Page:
New drug hope for pancreatic cancer

A commonly used chemotherapy drug may offer a new lifeline to sufferers of one of the most deadly cancers, research has shown.

Trial results suggest that the drug 5-fluorouracil (5-FU) is an effective alternative for pancreatic cancer patients who fail to respond to standard treatment.

They also raise hopes of providing better therapy by combining the two drugs.

A study now under way is looking at the effect of prescribing a pill version of 5-FU with the more expensive standard chemotherapy drug, gemcitabine.

5-FU is currently used to treat a wide range of cancers including those affecting the bowel, breast and ovaries.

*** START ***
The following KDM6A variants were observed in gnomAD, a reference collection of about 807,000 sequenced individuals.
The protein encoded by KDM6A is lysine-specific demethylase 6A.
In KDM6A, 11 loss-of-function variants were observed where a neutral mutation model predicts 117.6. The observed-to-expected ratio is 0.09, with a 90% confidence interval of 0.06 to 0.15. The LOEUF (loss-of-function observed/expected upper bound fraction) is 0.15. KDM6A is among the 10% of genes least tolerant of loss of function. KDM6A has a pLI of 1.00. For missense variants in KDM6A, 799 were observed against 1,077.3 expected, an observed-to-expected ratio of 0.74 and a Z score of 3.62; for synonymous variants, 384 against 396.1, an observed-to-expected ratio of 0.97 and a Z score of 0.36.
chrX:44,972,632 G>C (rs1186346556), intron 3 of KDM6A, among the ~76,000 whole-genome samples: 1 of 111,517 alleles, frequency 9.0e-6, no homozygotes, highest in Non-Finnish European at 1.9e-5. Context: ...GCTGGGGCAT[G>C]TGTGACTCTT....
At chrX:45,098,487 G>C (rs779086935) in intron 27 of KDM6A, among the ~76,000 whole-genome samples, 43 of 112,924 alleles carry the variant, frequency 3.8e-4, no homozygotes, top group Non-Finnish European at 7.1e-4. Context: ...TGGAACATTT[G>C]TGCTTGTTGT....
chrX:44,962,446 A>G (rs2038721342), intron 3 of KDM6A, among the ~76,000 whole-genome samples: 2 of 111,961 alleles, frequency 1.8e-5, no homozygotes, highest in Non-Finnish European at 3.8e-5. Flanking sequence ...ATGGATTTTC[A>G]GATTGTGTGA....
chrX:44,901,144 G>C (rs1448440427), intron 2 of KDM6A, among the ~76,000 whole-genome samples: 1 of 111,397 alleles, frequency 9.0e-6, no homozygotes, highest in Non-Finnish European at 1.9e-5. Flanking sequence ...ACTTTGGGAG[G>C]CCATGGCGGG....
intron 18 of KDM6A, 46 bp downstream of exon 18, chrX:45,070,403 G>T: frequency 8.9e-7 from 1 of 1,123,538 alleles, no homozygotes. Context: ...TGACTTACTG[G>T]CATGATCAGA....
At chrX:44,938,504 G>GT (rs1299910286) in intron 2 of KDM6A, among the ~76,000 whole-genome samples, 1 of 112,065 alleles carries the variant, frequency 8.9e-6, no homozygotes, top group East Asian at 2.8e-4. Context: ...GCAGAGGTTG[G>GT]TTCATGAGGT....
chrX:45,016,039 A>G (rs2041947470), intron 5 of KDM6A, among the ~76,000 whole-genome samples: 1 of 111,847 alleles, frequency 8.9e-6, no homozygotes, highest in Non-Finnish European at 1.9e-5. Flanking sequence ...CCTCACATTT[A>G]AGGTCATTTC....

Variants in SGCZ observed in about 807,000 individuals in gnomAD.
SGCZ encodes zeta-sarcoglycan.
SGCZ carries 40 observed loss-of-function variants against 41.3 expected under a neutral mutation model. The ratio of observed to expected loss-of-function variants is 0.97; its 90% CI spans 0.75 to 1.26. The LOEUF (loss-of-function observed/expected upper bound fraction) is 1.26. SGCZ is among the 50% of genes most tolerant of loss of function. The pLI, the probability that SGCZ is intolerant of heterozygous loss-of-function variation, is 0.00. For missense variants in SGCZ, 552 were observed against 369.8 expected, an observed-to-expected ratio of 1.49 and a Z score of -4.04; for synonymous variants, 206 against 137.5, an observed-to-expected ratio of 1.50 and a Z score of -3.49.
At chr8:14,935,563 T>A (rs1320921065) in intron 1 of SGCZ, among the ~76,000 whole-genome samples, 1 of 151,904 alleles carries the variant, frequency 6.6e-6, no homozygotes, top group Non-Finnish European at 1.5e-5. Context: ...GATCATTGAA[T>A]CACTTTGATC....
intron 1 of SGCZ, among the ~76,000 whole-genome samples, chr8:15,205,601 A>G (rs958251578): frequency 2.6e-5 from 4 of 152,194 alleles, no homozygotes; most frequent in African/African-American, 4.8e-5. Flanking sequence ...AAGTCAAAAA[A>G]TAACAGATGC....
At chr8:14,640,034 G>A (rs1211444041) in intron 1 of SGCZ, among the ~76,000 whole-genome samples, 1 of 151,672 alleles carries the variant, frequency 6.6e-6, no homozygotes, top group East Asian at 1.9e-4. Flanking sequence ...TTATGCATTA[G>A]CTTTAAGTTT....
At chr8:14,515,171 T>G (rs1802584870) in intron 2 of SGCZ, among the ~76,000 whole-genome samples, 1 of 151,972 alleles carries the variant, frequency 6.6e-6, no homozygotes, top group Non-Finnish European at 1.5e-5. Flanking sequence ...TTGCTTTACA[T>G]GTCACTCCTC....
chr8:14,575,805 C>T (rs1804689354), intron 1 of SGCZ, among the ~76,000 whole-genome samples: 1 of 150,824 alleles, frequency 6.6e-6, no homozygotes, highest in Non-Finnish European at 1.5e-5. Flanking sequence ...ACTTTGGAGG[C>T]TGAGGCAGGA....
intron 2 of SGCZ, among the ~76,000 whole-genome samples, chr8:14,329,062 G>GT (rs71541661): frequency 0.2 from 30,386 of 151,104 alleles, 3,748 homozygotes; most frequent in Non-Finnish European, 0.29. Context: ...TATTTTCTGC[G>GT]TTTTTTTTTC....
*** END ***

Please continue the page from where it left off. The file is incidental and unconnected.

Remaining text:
Almost 8,000 people are diagnosed with pancreatic cancer each year in the UK.

The disease is one of the hardest cancers to treat, and only around 3% of patients survive more than five years.

The new findings are published in the Journal of the American Medical Association (Jama).

Study leader Professor John Neoptolemos, director of the Liverpool Cancer Research UK Centre based at the University of Liverpool, said: "Until now the best way to treat pancreatic cancer has been unclear. But these results are the first to directly compare these two chemotherapies and show undoubtedly that they are both as effective as each other.

"Importantly this means patients now have a backup in case their cancer fails to respond to the first line of treatment. A new trial investigating whether combining these two treatments could be even more effective and prolong life is already under way and we look forward to seeing the result."

0 التعليقات:

  ©Template by Dicas Blogger.